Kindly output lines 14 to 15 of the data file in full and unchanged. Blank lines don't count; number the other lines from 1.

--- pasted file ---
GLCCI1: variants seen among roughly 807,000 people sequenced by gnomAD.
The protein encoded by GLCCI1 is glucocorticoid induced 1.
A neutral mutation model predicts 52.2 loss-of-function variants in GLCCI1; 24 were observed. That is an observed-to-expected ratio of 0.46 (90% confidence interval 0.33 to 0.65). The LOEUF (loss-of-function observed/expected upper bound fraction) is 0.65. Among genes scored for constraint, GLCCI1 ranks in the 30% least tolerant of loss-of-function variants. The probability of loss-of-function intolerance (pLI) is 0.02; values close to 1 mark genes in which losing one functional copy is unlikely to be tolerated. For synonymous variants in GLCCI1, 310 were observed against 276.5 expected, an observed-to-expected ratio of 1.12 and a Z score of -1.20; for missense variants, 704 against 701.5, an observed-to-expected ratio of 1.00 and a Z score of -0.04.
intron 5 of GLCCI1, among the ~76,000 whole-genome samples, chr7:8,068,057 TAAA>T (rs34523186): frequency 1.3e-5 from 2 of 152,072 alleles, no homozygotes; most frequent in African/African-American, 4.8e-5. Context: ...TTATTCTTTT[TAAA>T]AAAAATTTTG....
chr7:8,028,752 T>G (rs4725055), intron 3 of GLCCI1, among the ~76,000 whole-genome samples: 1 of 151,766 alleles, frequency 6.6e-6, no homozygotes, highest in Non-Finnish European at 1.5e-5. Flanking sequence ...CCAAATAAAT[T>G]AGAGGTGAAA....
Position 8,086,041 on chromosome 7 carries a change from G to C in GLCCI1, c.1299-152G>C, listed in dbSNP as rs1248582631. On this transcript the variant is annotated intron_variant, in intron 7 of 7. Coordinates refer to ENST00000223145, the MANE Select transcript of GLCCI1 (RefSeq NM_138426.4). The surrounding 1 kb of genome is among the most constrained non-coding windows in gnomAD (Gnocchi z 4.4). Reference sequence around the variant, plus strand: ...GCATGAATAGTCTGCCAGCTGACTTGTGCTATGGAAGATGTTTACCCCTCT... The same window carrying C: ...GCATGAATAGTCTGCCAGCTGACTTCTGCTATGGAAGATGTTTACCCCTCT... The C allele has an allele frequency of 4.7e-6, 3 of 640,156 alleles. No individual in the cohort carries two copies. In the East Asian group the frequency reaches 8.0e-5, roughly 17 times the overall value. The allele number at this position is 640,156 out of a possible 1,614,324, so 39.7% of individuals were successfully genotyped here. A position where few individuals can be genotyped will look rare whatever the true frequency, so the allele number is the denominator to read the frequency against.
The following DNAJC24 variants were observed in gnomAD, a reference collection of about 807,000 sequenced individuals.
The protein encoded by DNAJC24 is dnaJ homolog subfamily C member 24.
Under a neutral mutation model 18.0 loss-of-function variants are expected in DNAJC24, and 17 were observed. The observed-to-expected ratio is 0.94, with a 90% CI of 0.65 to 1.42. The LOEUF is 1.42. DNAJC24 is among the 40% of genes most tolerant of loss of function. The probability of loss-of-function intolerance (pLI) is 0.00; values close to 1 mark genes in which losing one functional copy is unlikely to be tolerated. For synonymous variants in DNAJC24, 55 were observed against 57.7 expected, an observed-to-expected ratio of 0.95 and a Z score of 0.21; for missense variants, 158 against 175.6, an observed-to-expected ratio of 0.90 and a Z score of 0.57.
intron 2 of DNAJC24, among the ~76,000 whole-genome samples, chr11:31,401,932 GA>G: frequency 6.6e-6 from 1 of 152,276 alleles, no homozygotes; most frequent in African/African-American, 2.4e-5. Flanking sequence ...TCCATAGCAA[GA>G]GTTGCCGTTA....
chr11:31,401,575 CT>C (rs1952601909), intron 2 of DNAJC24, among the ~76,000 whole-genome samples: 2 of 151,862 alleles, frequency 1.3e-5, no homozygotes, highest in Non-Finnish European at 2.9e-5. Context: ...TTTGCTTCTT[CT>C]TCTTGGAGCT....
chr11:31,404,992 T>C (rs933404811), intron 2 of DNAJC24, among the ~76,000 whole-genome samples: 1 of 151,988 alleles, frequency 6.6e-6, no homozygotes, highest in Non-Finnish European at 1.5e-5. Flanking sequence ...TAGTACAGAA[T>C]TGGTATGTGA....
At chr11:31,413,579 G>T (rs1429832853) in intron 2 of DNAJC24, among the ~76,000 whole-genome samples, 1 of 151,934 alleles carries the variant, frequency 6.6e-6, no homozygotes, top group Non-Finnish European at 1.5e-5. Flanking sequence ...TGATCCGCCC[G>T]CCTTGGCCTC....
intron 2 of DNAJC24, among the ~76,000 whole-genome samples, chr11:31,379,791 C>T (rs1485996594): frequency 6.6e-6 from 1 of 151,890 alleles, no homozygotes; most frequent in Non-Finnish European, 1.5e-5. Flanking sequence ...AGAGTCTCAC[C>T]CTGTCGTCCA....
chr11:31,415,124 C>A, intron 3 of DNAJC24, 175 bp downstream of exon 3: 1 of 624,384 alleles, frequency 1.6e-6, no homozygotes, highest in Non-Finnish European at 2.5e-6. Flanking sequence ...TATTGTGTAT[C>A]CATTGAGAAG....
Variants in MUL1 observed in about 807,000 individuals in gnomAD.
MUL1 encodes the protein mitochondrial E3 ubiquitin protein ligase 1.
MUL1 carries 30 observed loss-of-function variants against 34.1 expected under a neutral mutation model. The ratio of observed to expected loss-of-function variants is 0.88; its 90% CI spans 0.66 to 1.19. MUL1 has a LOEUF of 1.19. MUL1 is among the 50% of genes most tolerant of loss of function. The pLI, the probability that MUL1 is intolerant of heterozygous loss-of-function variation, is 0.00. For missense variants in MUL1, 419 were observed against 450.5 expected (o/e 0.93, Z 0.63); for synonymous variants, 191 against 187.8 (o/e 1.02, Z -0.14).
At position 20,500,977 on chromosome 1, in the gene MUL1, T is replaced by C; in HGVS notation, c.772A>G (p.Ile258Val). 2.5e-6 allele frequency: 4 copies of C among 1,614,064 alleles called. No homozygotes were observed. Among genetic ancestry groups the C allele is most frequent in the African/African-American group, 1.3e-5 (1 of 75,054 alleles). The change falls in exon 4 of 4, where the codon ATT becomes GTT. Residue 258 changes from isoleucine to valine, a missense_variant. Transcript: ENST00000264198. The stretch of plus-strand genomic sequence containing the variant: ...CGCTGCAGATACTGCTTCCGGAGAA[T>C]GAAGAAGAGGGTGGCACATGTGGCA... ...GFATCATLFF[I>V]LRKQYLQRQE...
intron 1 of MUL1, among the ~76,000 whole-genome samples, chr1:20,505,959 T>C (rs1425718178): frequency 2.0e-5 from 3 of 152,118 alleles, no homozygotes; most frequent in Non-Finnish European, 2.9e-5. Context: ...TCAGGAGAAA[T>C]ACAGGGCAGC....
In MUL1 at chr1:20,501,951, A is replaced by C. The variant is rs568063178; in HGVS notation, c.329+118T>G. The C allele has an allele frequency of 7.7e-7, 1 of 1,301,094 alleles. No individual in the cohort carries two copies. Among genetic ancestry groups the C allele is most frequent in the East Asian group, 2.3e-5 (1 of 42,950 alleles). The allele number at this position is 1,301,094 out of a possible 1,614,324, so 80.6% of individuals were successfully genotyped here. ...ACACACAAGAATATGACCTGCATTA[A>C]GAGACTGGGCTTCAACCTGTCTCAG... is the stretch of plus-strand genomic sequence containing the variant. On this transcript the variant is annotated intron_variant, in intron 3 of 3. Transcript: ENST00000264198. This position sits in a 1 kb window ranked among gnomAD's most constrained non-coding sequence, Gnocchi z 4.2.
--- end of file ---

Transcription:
intron 2 of DNAJC24, among the ~76,000 whole-genome samples, chr11:31,379,791 C>T (rs1485996594): frequency 6.6e-6 from 1 of 151,890 alleles, no homozygotes; most frequent in Non-Finnish European, 1.5e-5. Flanking sequence ...AGAGTCTCAC[C>T]CTGTCGTCCA....
chr11:31,415,124 C>A, intron 3 of DNAJC24, 175 bp downstream of exon 3: 1 of 624,384 alleles, frequency 1.6e-6, no homozygotes, highest in Non-Finnish European at 2.5e-6. Flanking sequence ...TATTGTGTAT[C>A]CATTGAGAAG....